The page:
Results

Database and article references search provided a list of 220 papers. Twenty-two articles met the criteria for the inclusion in the review. Included studies and their properties are reported in Table 1.
Table 1

Included studies

Study

Patients (n)

Severity of symptoms

Mean disease duration

Mean age

Type of intervention

Duration of the intervention

Type of control

Results on psychological variables

Results on symptoms

Barlow et al. [31]

216

N/R

12 years

 

Chronic Disease Self-Management Course, a lay-led self-management intervention that provides participants with a range of skills and strategies

6 weeks

Waiting-list

CDSMC had an impact on self-management self- efficacy and trends towards improvement on depression and MS self-efficacy were noted. All improvements were maintained at 12-months

CDSMC had an impact on MSIS physical status

Stuifbergen et al.[32]

113

15.65 on the Incapacity Status Scale

10.76 years

45,79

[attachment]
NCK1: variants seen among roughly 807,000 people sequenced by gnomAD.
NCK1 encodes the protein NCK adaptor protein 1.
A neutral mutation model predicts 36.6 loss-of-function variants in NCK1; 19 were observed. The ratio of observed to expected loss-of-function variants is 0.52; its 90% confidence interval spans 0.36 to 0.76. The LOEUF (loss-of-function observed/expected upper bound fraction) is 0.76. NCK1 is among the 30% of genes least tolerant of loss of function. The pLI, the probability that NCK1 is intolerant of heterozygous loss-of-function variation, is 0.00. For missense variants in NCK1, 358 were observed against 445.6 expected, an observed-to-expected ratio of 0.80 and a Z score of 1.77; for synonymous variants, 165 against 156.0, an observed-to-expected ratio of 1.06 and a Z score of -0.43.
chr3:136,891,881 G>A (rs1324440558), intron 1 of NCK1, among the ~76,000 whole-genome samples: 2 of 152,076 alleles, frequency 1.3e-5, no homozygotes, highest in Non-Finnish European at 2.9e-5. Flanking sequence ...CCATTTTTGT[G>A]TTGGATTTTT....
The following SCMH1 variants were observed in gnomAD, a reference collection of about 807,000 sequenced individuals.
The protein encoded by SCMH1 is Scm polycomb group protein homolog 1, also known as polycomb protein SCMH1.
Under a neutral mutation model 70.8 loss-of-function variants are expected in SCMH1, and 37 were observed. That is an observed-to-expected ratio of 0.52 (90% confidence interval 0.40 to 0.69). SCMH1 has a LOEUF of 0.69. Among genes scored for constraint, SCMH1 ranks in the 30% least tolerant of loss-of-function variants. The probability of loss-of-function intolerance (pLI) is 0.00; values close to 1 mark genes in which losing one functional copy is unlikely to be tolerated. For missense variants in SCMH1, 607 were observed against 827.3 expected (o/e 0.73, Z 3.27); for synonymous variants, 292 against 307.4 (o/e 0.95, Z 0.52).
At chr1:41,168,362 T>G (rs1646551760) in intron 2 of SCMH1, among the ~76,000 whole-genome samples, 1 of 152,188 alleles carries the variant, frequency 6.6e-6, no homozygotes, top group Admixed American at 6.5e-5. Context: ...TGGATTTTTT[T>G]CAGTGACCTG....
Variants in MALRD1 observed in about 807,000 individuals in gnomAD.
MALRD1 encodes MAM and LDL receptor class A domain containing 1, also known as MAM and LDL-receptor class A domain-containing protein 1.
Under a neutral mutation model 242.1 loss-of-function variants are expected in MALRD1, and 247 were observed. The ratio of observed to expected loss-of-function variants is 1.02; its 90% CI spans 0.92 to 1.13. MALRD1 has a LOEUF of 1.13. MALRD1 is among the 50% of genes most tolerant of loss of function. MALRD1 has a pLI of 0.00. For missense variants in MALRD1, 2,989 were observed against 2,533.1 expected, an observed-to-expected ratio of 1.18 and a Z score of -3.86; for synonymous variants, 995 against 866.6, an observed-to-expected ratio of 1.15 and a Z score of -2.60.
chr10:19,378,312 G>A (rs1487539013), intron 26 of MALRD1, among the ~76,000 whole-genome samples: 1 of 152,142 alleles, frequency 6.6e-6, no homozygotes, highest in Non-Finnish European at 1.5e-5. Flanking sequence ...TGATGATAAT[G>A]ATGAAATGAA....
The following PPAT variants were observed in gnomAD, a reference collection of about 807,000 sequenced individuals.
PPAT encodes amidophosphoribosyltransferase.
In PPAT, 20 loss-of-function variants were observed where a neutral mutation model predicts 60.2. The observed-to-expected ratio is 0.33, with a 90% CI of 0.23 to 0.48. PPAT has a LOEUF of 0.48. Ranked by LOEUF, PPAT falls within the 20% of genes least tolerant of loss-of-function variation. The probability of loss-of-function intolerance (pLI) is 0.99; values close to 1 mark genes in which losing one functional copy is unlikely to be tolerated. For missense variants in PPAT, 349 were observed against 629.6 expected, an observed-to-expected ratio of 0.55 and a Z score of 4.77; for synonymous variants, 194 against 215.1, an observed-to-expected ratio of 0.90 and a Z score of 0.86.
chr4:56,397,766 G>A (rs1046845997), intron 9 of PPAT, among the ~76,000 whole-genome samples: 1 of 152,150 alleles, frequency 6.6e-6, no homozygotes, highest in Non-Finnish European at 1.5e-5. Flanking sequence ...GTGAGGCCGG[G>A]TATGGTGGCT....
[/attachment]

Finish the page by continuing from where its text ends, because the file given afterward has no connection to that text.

lifestyle-change classes and telephone follow-up

8 weeks

Waiting-list

Improvement of self-efficacy, health-promoting behaviors and mental health (SF36)

Reduction of Bodily Pain as measured with the SF36, no difference on the severity of impairment as measured with the Incapacity Status Scale

Ghafari et al. [33]

66

EDSS <5.5

2 years

31,5

Progressive Muscle Relaxation Technique

63 sessions during two months

No intervention

One and two months after intervention the experimental group reported better QoL

The physical component of QoL (PCS-8) improved as well

Tesar et al. [34]

29

EDSS <5.5 (mean 3.2)

5.1 years

38.2

Psychological program which combines proven cognitive-behavioral strategies for coping with stress with body exercises

7 weeks

Waiting-list

The therapy group showed long-term improvements in depressive stress coping style

The therapy group showed short-term improvement in “vitality and body dynamics”.

Forman & Lincon [35]

40

23 on the Guys Neurological Disability Scale

9.8 years

47.5

The intervention group programme was designed for people with multiple sclerosis and focused on adjustment to illness.

6 weeks

Waiting-list

Patients allocated to the group intervention reported fewer depressive symptoms than those in the control group but there were no significant differences in anxiety symptoms, self-efficacy or quality of life.

No changes on the MS Impact Scale - Physical

O’Hara et al. [36]